Diabetes mellitus comprises the lack of insulin (Type 1) or peripheral insulin resistance (Type 2), which result in hyperglycemia. The early symptoms are related to the hyperglycemia and include polydipsia, polyphagia, polyuria and weight loss. The diagnosis is made by measuring the plasma glucose levels. Treatment depends on the type, but includes medications that reduce blood sugar levels, diet and physical activity. (Diabetes mellitus (DM).) The types of diabetes mellitus (DM) in children are similar to those in adults, but the psychosocial problems are different and can complicate treatment. Type 1 DM is the most common type in children, which is responsible for two thirds of new cases in children of all ethnic groups. He is one of the most common chronic diseases in childhood, occurring in 1 in 350 children up to the age of 18 years; the incidence has recently increased, especially in children <5 years. Although type 1 may occur in any age group, it is typically manifested at the age of 4 to 6 years and between 10 and 14 years. Type 2 DM who was once rare in children, has parallel to the increase in obesity in children: increased (obesity, children and obesity in adolescents) in its frequency. It manifests itself usually after puberty, with the highest rate between the ages of 15 and 19 years. Mono Gene forms of diabetes, formerly called "Maturity Onset Diabetes of Youth" (MODY) referred to are not considered as type 1 or type 2 (even if they are sometimes fäschlicherweise thought so) and are rare (1% to 4% of cases ). Prediabetes is the impaired glucose regulation, leading to intermediate glucose levels that are too high to be normal, but do not meet the criteria for diabetes. In obese adolescents of prediabetes can be temporarily continue (with a return to normal within 2 years at 60%) or diabetes, particularly among young people who persistently gain weight. Prediabetes is associated with the metabolic syndrome ((impaired blood glucose regulation, dyslipidemia, hypertension, obesity metabolic syndrome syndrome X)). Etiology There seems to be a familiar component for all types of DM in children, although the incidence and the mechanism vary. In diabetes type 1, the pancreas does not produce insulin due to autoimmune destruction of the pancreatic ?-cells. The destruction is probably triggered by environmental factors in genetically susceptible patients. Close relatives have an increased risk for DM, the total incidence of 10-13% (in 30 to 50% in identical twins). Children with diabetes type 1 are at increased risk of other autoimmune diseases, particularly thyroid disease and celiac disease. The inherited susceptibility to diabetes type 1 is determined by several genes (> 60 risk loci have been identified). Predisposing genes are more common in some populations. Thus, the higher prevalence of diabetes type 1 among certain ethnic groups (eg. B. Scandinavian, Sardinian) is explained. In diabetes type 2, the pancreas produces insulin, but there are varying degrees of Insulinresistez before and insulin secretion is not sufficient to cover the increased demand caused by insulin resistance (h d.. There is a relative insulin deficiency). The onset often occurs along with the height of the physiological pubertal insulin resistance, which can lead to symptoms of hyperglycemia in previously balanced youth. The cause is no autoimmune destruction of ?-cells, but a complex interaction of many genes and environmental factors, which differ between different populations and patients. Risk factors include obesity Ethnicity: Native American, dark frequently, Hispanic, Asian, Pacific Islands Positive family history (60 to 90% have a relative first or second-degree relative with diabetes type 2) Mono Gene forms of diabetes are caused by genetic defects autosomal dominant, caused, so that the patients are usually one or more affected family members. There is no insulin resistance or autoimmune destruction of ?-cells. The disease usually begins before the age of 25. Pathophysiology In diabetes type 1, the lack of insulin hyperglycemia and impaired glucose utilization in skeletal muscle caused. Muscle and fat are then broken up to supply energy. The fat loss produces ketones, which cause acidemia and sometimes significant, life-threatening acidosis (diabetic ketoacidosis [DKA] – diabetic ketoacidosis (DKA)). In diabetes type 2 enough insulin function is usually before to avoid DKA at diagnosis, but children can sometimes DKA (up to 25%) or less often (with a hyperglycemic hyperosmolan state HHS non ketotic hyperosmolar syndrome (NKHS)), in which a severe hyperosmolar dehydration occurs imagine. HHS occurs most often during stress or infection period, if the treatment is not observed, or if the glucose metabolism by drugs (eg. B. glucocorticoids) is further restricted. Other metabolic disorders associated with insulin resistance include dyslipidemia (leading to atherosclerosis atherosclerosis) hypertension (overview of hypertension) syndrome of PCOS (Polycystic ovary syndrome (PCOS)) Obstructive sleep apnea (Obstructive Sleep Apnea) Non-alcoholic steatohepatitis (fatty liver fatty liver) atherosclerosis begins in childhood and adolescence and increases the risk of cardiovascular disease significantly (atherosclerosis). In monogenic forms of DM the underlying defect of type depends. The most common types are caused by defects in transcription factors, which regulate the ?-cell function of the pancreas (z. B. hepatic nuclear factor 4-alpha [HNF-4 ?] and hepatic nuclear factor 1-alpha [HNF-1-?]). In these types of insulin secretion is impaired, but not absent, there is no insulin resistance and hyperglycemia worsens with age. Another type of monogenem diabetes is caused by a defect in the glucose sensor, glucokinase. In Glukokinasedefekten insulin secretion is normal, but the glucose levels are regulated at a higher setpoint, resulting in hyperglycemia of fasting, the minimally deteriorates with age. Tips and risks Despite the widespread misconception may occur DKA in children with diabetes type-2. Symptoms and signs In diabetes type 1 vary the initial manifestations of asymptomatic hyperglycemia to life-threatening DKA. However, children are most likely symptomatic hyperglycemia without acidosis with several days to weeks frequent urinary frequency, polydipsia and polyuria. Polyuria may manifest as nocturia, bedwetting or incontinence during the day; in children who are not yet accustomed to the toilet, the parents make any identified an increased frequency of wet or severe diapers. About half of the children as a result of increased catabolism weight loss and a compromised size growth. Fatigue, weakness, candida rash, blurred vision (due to the hyperosmolar state of the lens and the vitreous humor) and / or nausea and vomiting (due to ketosis) can also be initially present. In diabetes type 2, the children are often asymptomatic and her condition is probably observed only during a routine testing. However, some children present (despite widespread misconception) DKA with symptomatic hyperglycemia, or HHS. Complications DKA is common in patients with a known diabetes type 1; it annually develops in about 1 to 10% of patients, usually because they have not taken her insulin. Other risk factors for DKA include previous episodes of DKA, difficult social conditions, depression or other psychiatric disorders, intercurrent disease and the use of an insulin pump (due to a kinked or detached catheter, poor insulin absorption due to inflammation at the infusion site or pump malfunction). Doctors can help to minimize the effects of risk factors by educate, advise and support patients. Psychosocial problems are very common in children with diabetes and their families. Up to half of children depression, anxiety disorder or other psychological problems develop (overview of psychiatric disorders in childhood and adolescence). Eating disorders (Introduction to eating disorders) are a serious problem among young people, as they sometimes also skip insulin doses as part of their effort to control their weight. Psychosocial problems may also result in a bad glyzämischen control by limiting the ability of children to stick to their diet and medication plans. Social workers and experts in mental health (as part of a multidisciplinary team) can help to identify the psychosocial causes of poor glyzämische control and alleviate. Vascular complications are rare clinically evident in childhood. However, early pathological changes and functional abnormalities may possibly be a few years after the outbreak of the disease. Among the microvascular complications include diabetic nephropathy, retinopathy and neuropathy (diabetes mellitus (DM): Complications). Among the macrovascular complications include coronary artery disease, peripheral vascular disease and stroke. Although neuropathy in children who have diabetes for a long time (? 5 years) had and (glycosylated hemoglobin [HbA1c]> 10%) have poor control, is more common, it can also occur in young children who have diabetes for a short time had and have good control. Diagnostic fasting glucose levels in plasma ? 126 mg / dL (? 7.0 mmol / l) Any glucose levels ? 200 mg / dL (? 11.1 mmol / l) Glycated Hb (HbA1c) ? 6.5% Sometimes oral glucose tolerance test diagnosis of diabetes Diagnosis diabetes and pre-diabetes is similar to that in adults, typically by fasting or random glucose levels in the plasma and / or HbA1c levels are used, and it depends on the presence or absence of symptoms (see table: Diagnostic criteria for diabetes mellitus and abnormal glucose metabolism ). Diabetes can (with presence of the classic symptoms of diabetes and blood glucose measurements random plasma glucose ? 200 mg / dl [? 11.1 mmol / l] or fasting glucose in plasma ? 126 mg / dl [? 7.0 mmol / l]; sobriety is as defined 8 hours without caloric intake) to be diagnosed. An oral glucose tolerance test is not necessary and should not be performed if diabetes can be diagnosed through other criteria. If necessary, the test using 1.75 g should / kg (maximum 75 g) are carried out in water of dissolved glucose. The test may be helpful in children without symptoms or with mild or atypical symptoms and into cases of suspected or type 2 diabetes monogenem. The HbA1c test is more useful in general to diagnose diabetes type 2, and hyperglycemia should be confirmed. Diagnostic criteria for diabetes mellitus and abnormal glucose metabolism, impaired glucose metabolism method normal diabetes FPG (mg / dL [mmol / l]) <100 (<5.6) 100-125 (5.6 to 6.9) ? 126 (? 7, 0) OGTT (mg / dl [mmol / l]) <140 (<7.7) 140-199 (7.7 to 11.0) ? 200 (? 11.1) HbA1c (%) <5.7 5.7 to 6.4 6.5 ? PFG = Sober plasma glucose value; HbA1c = glycosylated hemoglobin; OGTT = oral glucose tolerance test, 2-h glucose levels. Initial evaluation and testing in patients suspected of that they have diabetes, but do not appear sick, the initial testing should include a simple metabolic panel including electrolytes and glucose, and a urinalysis. In sick patients, the testing also includes a venous or arterial blood gas, liver function tests and calcium, magnesium, and Kaliu- Hämatokritspiegel.Diagnose of diabetes type Additional tests should be performed to confirm the type of diabetes, including C-peptide and insulin levels (if not already treated with insulin) HbA1c levels (if not already) tests for autoantibodies to pancreatic islet cell proteins autoantibodies include glutamic acid decarboxylase, insulin, insulinoma-associated protein and zinc transporter ZnT8. More than 90% of patients with newly diagnosed diabetes type 1 have ? 1 of these autoantibodies, while the absence of antibodies strongly suggesting diabetes type-2. However, about 10 to 20% of children with diabetes type 2 phenotype autoantibodies and be reclassified as diabetes type 1, because such children rather need insulin therapy and a higher risk have to develop other autoimmune diseases. It is important to recognize monogenic diabetes, because the treatment of diabetes type 1 and diabetes type 2 is different. The diagnosis should in children with a strong family history of diabetes, but do not have the typical features of diabetes type 2, are considered; This means that they only have fasting light (100 to 150 mg / dl) or postprandial hyperglycemia, are young and not obese and do not have autoantibodies or signs of insulin resistance (z. B. acanthosis nigricans). Genetic tests are to confirm monogenem diabetes available. These studies are important because some types of monogenic diabetes können.Tests progress with age complications and other diseases patients with diabetes type 1 should be tested for other autoimmune diseases by celiac antibodies (celiac disease: diagnosis), thyroid stimulating hormone, thyroxine, and thyroid antibodies (representation of the thyroid function: laboratory tests of thyroid function) are measured. In patients with diabetes type 2, liver function tests, fasting lipid profile and urine microalbumin should: be conducted creatinine ratio at the time of diagnosis because these children (as opposed to those with diabetes type 1, in which complications for many years often develop) in the diagnosis of concomitant diseases such as fatty liver, hyperlipidemia and hypertension have. Children, the clinical findings have that suggest complications should also be tested for: Obesity: Test on nonalcoholic steatohepatitis daytime sleepiness or snoring Test for obstructive sleep apnea hirsutism, acne or menstrual irregularities Test for polycystic ovary syndrome therapy diet and exercise for diabetes type 1: insulin For diabetes type 2: metformin and sometimes insulin intensive education and treatment in childhood and adolescence may contribute to the treatment goals, to normalize blood sugar levels, while the number of episodes of hypoglycaemia minimized and the onset and progression of complications is prevented or delayed, to achieve. Lifestyle changes lifestyle changes that are beneficial for all patients include Regular Eating consistent amounts Limited intake of refined carbohydrates and saturated fats increase physical activity In general, the term should be avoided in favor of diet food plan or healthy food choices. The focus is on selecting a diet that is healthy for the heart and low in cholesterol and saturated fats. In diabetes type 1, the popularity of basal-bolus therapy and the use of carbohydrate counting has (parents estimate the amount of carbohydrates in an upcoming meal and use this amount to calculate the preprandiale dose of insulin) changed the eating plan strategies. In this flexible approach, the food intake is not strictly defined. Instead, the eating plans based on the usual eating habits of the child and not on a theoretically optimal nutrition, is the unlikely they will be met by the child, and the insulin dose is adjusted to the actual carbohydrate intake. Insulin: carbohydrate ratio is individualized, but changes with age. A good rule of thumb for different age groups of birth to 5 years: 1 unit of insulin per 30 g carbohydrates 6 to 12 years: 1 unit of insulin per 15 g carbohydrates adolescence: 1 unit of insulin per 8 to 10 g carbohydrates In diabetes type 2 should patients are encouraged to lose weight and thereby increase their insulin sensitivity. A good rule of thumb for determining the amount of calories needed by a child aged 3 to 13 years old, is 1000 calories + (100 x child's age in years). Simple steps to improve the diet and manage your calorie intake include eliminating sugary drinks discouragement, meals omit avoid slow-finished food throughout the day control of portion sizes switching to low-fat foods increase the fiber intake by including more fruits and vegetables are ingested insulin therapies for diabetes type 1 insulin is the cornerstone of treatment of diabetes type -1. The insulin formulations available are similar to those used in adults (see table: onset, maximum value and duration of action of human insulin preparations *). Insulin should be administered before meals, except in young children whose income is difficult to predict at a given meal. The dosage requirements vary with the age, activity level, the puberty stage and time elapsed since the initial diagnosis. Within a few weeks after the initial diagnosis, many patients have a temporary decrease in their insulin requirements due to the remaining ?-cell function (honeymoon phase). The honeymoon phase may last from several months to two years, after which the insulin requirements typically range from 0.7 to 1 unit / kg / day. During puberty, the patients need to address (up to 1.5 units / kg / day) of insulin resistance by the increased pubertal hormonal levels higher doses. Among the forms of insulin therapy basal-bolus therapy includes therapy with multiple daily injections (MDI therapy) Premixed insulin therapies A basic bolus therapy is typically preferred. In this therapy, the children receive a daily baseline dose of insulin, which is then supplemented with doses of short-acting insulin before each meal, based on the expected carbohydrate intake and the measured glucose levels. The basal dose can be considered a one-time daily injections (sometimes every 12 hours for younger children) of a long-acting insulin (glargine or detemir) or as a continuous infusion of short-acting insulin (usually aspart or lispro) using an insulin pump, which insulin administered continuously over a placed under the skin catheter take place. The supplemental boluses be administered as separate injections rapid-acting insulin or insulin pump. Glargin- or detemir injections are typically administered at dinner or before bedtime and may not be mixed with short-acting insulin. The basal dose helps to keep blood sugar levels between meals and at night in the normal range. The use of an insulin pump to administer the basal dose allows for maximum flexibility; the pump can be programmed so that they are administered different amounts at different times during the day and at night. A basal-bolus therapy may is not an option when there is no adequate supervision is available, especially when no adult is available to administer injections during the day at school or daycare. An MDI therapy can be used when a basal-bolus therapy is not an option (for. Example, because the family needed a simpler therapy, the child or the parents have a needle phobia, injections for lunch not in school or daycare can be administered). In this therapy, the children usually get neutral protamine Hagedorn (NPH) - insulin before breakfast and dinner and at bedtime and get short-acting insulin before breakfast and dinner. Because NPH and short-acting insulin can be mixed, this therapy has fewer injections than the basal-bolus therapy and is possibly preferred by younger children. However, this therapy offers less flexibility and requires a fixed daily schedule for meals and snack times. Premixed insulin therapies use preparations of 70/30 (70% insulin aspart protamine / 30% conventional insulin) or 75/25 (75% insulin lispro protamine / 25% insulin lispro). Premixed therapies are not a good choice, but are easier and can improve compliance because they require fewer injections. with two-thirds of the total daily dose is given at breakfast and one third for dinner children be administered two times a day fixed doses. However Premixed therapies provide much less flexibility in terms of timing and quantity of meals and are less accurate than other therapies because of the fixed ratios. Doctors should apply the intensive management program to which the children and keep their families in order to maximize glycemic control and thus the risk for long-term vascular complications verringern.Glukose- and HbA 1c -Zielwerte for diabetes type 1 target values ??for glucose in plasma (see table: glucose and HbA1c target values) are set to weigh the need to normalize blood sugar levels with the risk of hypoglycemia. Patients should try to have ? 50% of the blood sugar levels in the normal range (70 to 180 mg / dl [3,9 to 10 mmol / l]) and <10% below this range according to honeymoon phase. HbA1c targets were earlier for younger children is higher (<8.5%), but lately a target of <7.5% for all patients <18 years been recommended to the damage caused by prolonged hyperglycemia in childhood to reduce. However, many children and teens do not reach this target. Increased frequency of self monitoring of blood glucose is associated with improved HbA1c levels because the patients to be better able to adjust the insulin for their meals, they have an improved ability to correct hyperglycemic values ??and therefore are potentially able to recognize hypoglycemia earlier, which prevents over-correction (ie, excessive carbohydrate intake to treat hypoglycemia, resulting in hyperglycemia). Treatment goals should be individualized based on patient age, duration of diabetes, comorbidities and psychosocial circumstances. The risk of hypoglycemia in children who are not aware of hypoglycemia or do not have the maturity to recognize the symptoms of hypoglycemia, restricts aggressive attempts to achieve the treatment goals. Glucose and HbA1c target values ??blood test ideal goal Optimum target Suboptimal target high-risk target self Continuous monitoring of blood glucose (mg / dl [mmol / l]) in the morning fasting 65-100 (3.6 to 5.6) 70-145 (4-8) > 145 (> 8)> 162 (> 9) Postprandial 80-126 (4.5-7.0) 90-180 (5-10) 180-250 (10-14)> 250 (> 14) Bedtime 80-100 (4,0-5,6) 120-180 (6,7-10) <75 or> 162 (<4.2 or> 9) <80 or> 200 (<4.4 or> 11) at night 65-100 (3,6-5,6) 80-162 (4,5-9) <75 or> 162 (<4.2 or> 9) <80 or> 200 (<4.4 or> 11) HbA1C (%) – <6.5 <7.5 7.5-9.0> 9.0 HbA1c = glycosylated hemoglobin. Adapted from Rewers MJ, Pillay K, de Beaufort C, et al: Assessment and monitoring of glycemic control in children and adolescents with diabetes. Pediatric Diabetes 15 (supplement 20): S102-S114, 2014. Management of complications of diabetes type 1 hypoglycemia (hypoglycemia) is a critical but common complication in children who are treated with intensive insulin therapy. Most children have several light hypoglycemia episodes per week and treat it yourself with 15 grams of fast-acting carbohydrates (eg. As 118 ml [4 oz] juice, grape sugar, candy, graham crackers or glucose gel). Severe hypoglycemia, which is defined as an episode requiring the assistance of another person in the administration of carbohydrate or glucagon occurs every year at about 30% of children and most will have experienced such an episode until the age of 18 years , Oral carbohydrates can be attempted, but glucagon 1 mg i.m. is usually used when symptoms prevent Neuroglycopenic (z. B. behavioral changes, confusion, difficulty thinking) eating or drinking. If left untreated, severe hypoglycemia can cause seizures or even coma or death. Real-time continuous glucose monitoring devices can help children with a lack of awareness of hypoglycemia, because they trigger an alarm if the glucose falls below a specified area or when the glucose decreases rapidly (diabetes in children and adolescents: monitoring of glucose and HbA 1C level) , Ketonurie/Ketonämie wird am häufigsten durch eine interkurrente Krankheit verursacht, kann aber auch aus einer unzureichenden Einnahme von Insulin oder fehlenden Dosen resultieren und kann eine Warnung vor drohender DKA sein. Weil die Früherkennung von Ketonen entscheidend dafür ist, das Fortschreiten zur DKA zu verhindern und die Notwendigkeit einer Einweisung in die Notaufnahme zu minimieren, sollte Kindern und ihren Familien beigebracht werden, im Urin oder im Kapillarblut mit Keton-Teststreifen auf Ketone zu prüfen. Blut-Keton-Tests können bevorzugt werden bei jüngeren Kindern, denjenigen mit rezidivierender DKA und Anwendern von Insulinpumpen oder wenn eine Urinprobe schwierig zu erhalten ist. Keton-Tests sollten immer dann durchgeführt werden, wenn das Kind krank wird (unabhängig vom Blutzuckerspiegel) oder wenn der Blutzuckerspiegel hoch ist (typischerweise > 240 mg/dl [13,3 mmol/l]). Das Vorliegen mittlerer oder hoher Urin-Keton-Spiegel oder Blut-Keton-Spiegel > 1,5 mmol/l kann auf DKA hindeuten, vor allem, wenn die Kinder ebenfalls Bauchschmerzen, Erbrechen, Benommenheit oder eine schnelle Atmung haben. Geringe Urin-Keton-Spiegel oder Blut-Keton-Spiegel zwischen 0,6 und 1,5 mmol/l müssen ebenfalls behandelt werden. Wenn Ketone vorliegen, erhalten die Kinder zusätzliches kurzwirksames Insulin, typischerweise 10 bis 20% der Gesamttagesdosis alle 2 bis 3 Stunden, bis sich die Ketone auflösen. Zudem sollte auch zusätzliche Flüssigkeit gegeben werden, um Dehydrierung zu verhindern. Dieses Programm der Messung von Ketonen und der Gabe zusätzlicher Flüssigkeit und zusätzlichen Insulins während der Krankheit und/oder Hyperglykämie wird als “sick-day management” bezeichnet. Eltern sollten angewiesen werden, ihren Arzt anzurufen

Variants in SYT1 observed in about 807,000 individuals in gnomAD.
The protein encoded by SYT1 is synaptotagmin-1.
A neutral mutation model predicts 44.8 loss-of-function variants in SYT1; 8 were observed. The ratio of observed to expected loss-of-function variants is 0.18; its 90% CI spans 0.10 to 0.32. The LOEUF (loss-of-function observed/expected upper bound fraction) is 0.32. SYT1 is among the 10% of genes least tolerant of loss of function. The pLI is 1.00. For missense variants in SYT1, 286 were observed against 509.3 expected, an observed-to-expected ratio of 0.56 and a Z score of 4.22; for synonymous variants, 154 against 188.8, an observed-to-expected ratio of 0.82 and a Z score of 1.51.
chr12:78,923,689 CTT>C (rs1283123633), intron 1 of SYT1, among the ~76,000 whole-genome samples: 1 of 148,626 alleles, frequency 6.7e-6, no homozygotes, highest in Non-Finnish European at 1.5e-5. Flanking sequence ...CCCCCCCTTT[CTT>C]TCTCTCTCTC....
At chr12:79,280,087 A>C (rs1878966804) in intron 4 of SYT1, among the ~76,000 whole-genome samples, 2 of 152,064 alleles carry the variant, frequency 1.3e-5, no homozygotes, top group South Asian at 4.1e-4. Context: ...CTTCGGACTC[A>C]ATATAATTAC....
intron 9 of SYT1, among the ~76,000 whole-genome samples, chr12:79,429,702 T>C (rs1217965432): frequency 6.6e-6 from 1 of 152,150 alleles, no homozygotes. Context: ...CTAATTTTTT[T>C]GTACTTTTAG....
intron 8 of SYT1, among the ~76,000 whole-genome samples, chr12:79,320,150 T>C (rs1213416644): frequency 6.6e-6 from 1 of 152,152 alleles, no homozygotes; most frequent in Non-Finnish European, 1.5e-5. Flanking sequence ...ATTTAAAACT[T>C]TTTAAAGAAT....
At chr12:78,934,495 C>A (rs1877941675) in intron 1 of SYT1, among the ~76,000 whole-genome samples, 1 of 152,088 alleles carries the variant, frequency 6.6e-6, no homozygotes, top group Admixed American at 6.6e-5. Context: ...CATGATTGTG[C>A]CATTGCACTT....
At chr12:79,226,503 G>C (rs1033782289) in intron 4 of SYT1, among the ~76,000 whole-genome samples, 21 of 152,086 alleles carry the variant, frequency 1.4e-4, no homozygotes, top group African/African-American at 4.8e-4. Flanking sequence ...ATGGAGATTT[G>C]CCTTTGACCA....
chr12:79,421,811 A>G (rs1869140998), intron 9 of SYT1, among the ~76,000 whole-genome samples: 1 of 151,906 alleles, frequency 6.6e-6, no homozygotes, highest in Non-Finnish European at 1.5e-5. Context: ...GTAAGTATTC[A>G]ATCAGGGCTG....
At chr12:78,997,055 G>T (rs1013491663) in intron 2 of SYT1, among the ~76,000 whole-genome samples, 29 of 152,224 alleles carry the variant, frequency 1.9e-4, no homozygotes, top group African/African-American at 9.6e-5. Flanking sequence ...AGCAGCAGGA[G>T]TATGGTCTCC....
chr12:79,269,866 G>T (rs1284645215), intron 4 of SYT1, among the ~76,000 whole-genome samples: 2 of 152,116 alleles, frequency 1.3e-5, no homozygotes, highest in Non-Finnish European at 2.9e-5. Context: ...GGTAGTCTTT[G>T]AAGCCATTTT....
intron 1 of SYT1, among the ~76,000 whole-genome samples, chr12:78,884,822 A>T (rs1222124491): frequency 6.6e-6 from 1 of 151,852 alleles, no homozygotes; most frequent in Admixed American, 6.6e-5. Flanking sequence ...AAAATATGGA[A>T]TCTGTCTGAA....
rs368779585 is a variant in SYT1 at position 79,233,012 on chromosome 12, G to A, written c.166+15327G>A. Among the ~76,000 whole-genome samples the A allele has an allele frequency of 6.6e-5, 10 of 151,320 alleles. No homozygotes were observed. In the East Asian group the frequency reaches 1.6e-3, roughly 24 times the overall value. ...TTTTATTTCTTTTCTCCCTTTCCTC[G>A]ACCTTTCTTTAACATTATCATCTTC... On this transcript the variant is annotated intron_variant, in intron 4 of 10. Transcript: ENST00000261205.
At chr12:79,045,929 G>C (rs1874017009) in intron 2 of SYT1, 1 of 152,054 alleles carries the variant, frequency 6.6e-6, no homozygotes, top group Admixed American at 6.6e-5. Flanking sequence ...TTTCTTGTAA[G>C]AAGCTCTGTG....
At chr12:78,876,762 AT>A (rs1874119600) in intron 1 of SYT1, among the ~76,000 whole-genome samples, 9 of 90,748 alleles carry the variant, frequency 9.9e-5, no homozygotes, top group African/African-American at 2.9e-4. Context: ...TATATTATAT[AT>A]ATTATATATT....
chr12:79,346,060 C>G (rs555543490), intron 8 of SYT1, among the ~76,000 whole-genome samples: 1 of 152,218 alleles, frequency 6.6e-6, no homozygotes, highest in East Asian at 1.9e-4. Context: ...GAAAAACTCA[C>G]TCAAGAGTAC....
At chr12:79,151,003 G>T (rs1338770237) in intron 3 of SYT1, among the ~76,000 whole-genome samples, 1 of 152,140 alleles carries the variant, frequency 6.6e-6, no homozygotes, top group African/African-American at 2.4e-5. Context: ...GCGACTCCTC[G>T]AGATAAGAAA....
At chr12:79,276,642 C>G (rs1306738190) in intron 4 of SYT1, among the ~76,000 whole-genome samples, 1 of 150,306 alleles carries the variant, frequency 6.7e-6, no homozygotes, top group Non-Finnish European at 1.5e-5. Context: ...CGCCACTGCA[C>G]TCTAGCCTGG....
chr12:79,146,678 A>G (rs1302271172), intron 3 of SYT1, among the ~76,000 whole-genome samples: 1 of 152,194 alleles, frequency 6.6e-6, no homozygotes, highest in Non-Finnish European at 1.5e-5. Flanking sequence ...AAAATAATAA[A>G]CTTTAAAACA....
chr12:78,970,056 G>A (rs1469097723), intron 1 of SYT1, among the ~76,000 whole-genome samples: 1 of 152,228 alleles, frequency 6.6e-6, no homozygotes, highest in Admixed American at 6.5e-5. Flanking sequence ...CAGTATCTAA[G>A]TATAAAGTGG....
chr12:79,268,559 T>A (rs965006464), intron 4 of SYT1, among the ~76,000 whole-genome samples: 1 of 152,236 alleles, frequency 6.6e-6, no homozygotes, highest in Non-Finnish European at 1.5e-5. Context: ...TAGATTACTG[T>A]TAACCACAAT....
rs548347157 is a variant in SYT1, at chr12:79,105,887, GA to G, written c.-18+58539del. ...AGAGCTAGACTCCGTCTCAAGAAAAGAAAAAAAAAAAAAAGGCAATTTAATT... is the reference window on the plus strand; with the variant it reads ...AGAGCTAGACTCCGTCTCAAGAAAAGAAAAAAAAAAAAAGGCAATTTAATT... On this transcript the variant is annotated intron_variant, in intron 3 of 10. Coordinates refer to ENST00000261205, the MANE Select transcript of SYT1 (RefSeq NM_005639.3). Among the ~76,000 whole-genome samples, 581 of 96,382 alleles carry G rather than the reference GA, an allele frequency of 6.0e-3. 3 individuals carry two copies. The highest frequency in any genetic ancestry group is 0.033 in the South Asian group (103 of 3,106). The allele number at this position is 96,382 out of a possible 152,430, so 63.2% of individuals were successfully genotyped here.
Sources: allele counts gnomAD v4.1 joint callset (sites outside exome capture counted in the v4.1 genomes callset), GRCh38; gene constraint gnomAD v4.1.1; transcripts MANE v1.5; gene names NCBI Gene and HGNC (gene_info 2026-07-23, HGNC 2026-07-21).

Health Life Media Team